Will China's captive-bred pandas survive?
After one panda dies, China considers which to release next.
Chinese officials confirmed this week that they intend to continue releasing captive-bred pandas into the wild, despite the tragic death of the programme's pilot panda earlier this year.
Not all scientists agree that reintroduction of captive-bred pandas is a good idea. Even those who support reintroduction admit it will be extremely difficult and may only succeed after years of trial and error. The death of 5-year-old panda Xiang Xiang was tragic, they say, but not unexpected; many more deaths may follow.
"Reintroduction programmes often begin with a high rate of failure, so this isn't unique to the pandas," says Ron Swaisgood, associate director of the Conservation and Research for Endangered Species department of the Zoological Society of San Diego, California. "I don't think there's ever been a reintroduction programme that didn't have mortality."
Pandas in China are severely threatened, largely due to human development of their forest habitats. So the Chinese government set up a programme to breed pandas in captivity. It now has more than 200 pandas, according to David Wildt of the Conservation and Research Center of the Smithsonian National Zoological Park in Front Royal, Virginia.
The Chinese government is keen to release these captive-bred pandas into the wild to try to bolster fragile wild populations. Scientists and animal trainers at Wolong Giant Panda Research Center in Sichuan Province spent three years habituating Xiang Xiang to natural habitats, where he learned to forage for food and build a home. In April 2006, they turned the panda loose in the Sichuan forests; this February, he was found dead. Chinese scientists say that he had been attacked by other pandas, and may have died while trying to run away.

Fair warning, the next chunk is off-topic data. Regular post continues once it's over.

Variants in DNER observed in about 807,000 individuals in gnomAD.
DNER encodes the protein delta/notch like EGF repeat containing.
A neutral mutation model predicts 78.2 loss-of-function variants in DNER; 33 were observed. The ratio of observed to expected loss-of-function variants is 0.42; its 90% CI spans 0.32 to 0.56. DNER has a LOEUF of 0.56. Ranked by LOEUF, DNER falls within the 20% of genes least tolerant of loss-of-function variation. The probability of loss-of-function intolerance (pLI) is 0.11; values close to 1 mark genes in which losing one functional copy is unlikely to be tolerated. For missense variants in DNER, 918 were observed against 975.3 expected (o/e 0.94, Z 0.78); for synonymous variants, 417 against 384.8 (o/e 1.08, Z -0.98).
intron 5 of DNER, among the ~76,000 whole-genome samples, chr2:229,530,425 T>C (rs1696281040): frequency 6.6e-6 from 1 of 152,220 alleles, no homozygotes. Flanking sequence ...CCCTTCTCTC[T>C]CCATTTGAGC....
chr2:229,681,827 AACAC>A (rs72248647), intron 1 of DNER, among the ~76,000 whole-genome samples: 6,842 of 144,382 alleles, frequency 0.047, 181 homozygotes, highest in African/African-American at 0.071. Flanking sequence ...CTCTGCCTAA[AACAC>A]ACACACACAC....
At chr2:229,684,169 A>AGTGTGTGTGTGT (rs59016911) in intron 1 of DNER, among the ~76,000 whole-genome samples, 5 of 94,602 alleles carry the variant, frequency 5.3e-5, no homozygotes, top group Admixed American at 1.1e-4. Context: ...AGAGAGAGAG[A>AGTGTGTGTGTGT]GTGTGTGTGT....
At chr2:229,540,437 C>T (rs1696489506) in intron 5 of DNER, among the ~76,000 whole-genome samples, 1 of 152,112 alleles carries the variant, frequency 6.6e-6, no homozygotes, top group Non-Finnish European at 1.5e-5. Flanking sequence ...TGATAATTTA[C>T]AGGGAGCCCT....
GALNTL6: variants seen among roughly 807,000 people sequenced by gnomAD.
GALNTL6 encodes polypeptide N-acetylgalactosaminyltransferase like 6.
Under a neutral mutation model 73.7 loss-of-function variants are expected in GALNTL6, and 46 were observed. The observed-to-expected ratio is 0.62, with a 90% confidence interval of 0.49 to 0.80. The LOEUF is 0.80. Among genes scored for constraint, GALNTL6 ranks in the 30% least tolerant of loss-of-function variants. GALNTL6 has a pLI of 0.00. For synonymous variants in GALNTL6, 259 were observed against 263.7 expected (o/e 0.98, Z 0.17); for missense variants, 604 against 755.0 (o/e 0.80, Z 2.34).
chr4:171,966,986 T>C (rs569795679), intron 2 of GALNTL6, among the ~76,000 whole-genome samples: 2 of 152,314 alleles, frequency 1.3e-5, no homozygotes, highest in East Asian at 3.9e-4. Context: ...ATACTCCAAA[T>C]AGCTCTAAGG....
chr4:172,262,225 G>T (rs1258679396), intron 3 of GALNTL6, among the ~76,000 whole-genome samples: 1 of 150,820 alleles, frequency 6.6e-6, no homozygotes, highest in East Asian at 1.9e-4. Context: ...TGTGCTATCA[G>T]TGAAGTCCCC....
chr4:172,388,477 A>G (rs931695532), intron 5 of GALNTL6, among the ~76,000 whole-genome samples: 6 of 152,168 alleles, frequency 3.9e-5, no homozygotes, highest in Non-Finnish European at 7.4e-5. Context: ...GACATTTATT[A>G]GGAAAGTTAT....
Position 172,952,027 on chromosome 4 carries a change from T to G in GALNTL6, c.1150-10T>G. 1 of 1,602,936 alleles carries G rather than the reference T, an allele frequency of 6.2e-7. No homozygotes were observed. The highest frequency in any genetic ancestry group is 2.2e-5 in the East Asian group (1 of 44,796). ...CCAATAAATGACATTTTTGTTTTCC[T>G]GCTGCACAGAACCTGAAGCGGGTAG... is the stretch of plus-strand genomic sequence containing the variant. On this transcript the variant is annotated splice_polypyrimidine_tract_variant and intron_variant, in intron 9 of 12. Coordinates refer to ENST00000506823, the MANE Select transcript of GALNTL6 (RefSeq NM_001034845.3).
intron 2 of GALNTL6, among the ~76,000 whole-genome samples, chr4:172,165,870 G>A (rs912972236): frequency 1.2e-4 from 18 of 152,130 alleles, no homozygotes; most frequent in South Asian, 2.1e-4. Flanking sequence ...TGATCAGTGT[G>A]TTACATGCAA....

On 12 June, a scientist from the China Giant Panda Protection and Research Centre said that the organization is considering releasing a female panda next — perhaps even a pregnant panda, or a mother and cub. This might be more successful, because females are not perceived as threats, unlike males, which must compete with other males for access to females, the scientist said.
Other researchers agree that females would be less likely to be attacked. And a reintroduced cub would have the best chance of surviving if it had been born to its captive mother in a large pen that mimicked natural conditions, says Swaisgood: the cub would then be less dependent on humans than other captive-bred pandas. "I think the earlier you can start to expose a panda to natural conditions, the better the opportunity for natural learning to take place," he says.
Not everyone agrees that the reintroduction programme is a good idea. Sybille Klenzendorf of the conservation group WWF in Washington DC argues that captive-breeding programmes are very expensive, and that the money is better spent conserving wild habitats. There are about 1,600 pandas in the wild, and the Chinese government has protected about 60% of their remaining habitat, he says. It could protect more, Klenzendorf suggests.
"Reintroduction is very expensive, and that money could be used better in wild panda conservation," Klenzendorf says. "If you protect the habitat and stem poaching, you're fine."
Wildt counters that wild pandas do not breed quickly enough to keep a healthy population, so it's necessary to pursue both breeding and wild conservation strategies.
"The population is so fragmented that they are not self-sustaining in the wild," says Wildt. "This isn't a competition — you need to focus on giant pandas in the wild, but at the same time the Chinese realize that there is value in these captive populations, as an insurance policy and as a scientific resource."
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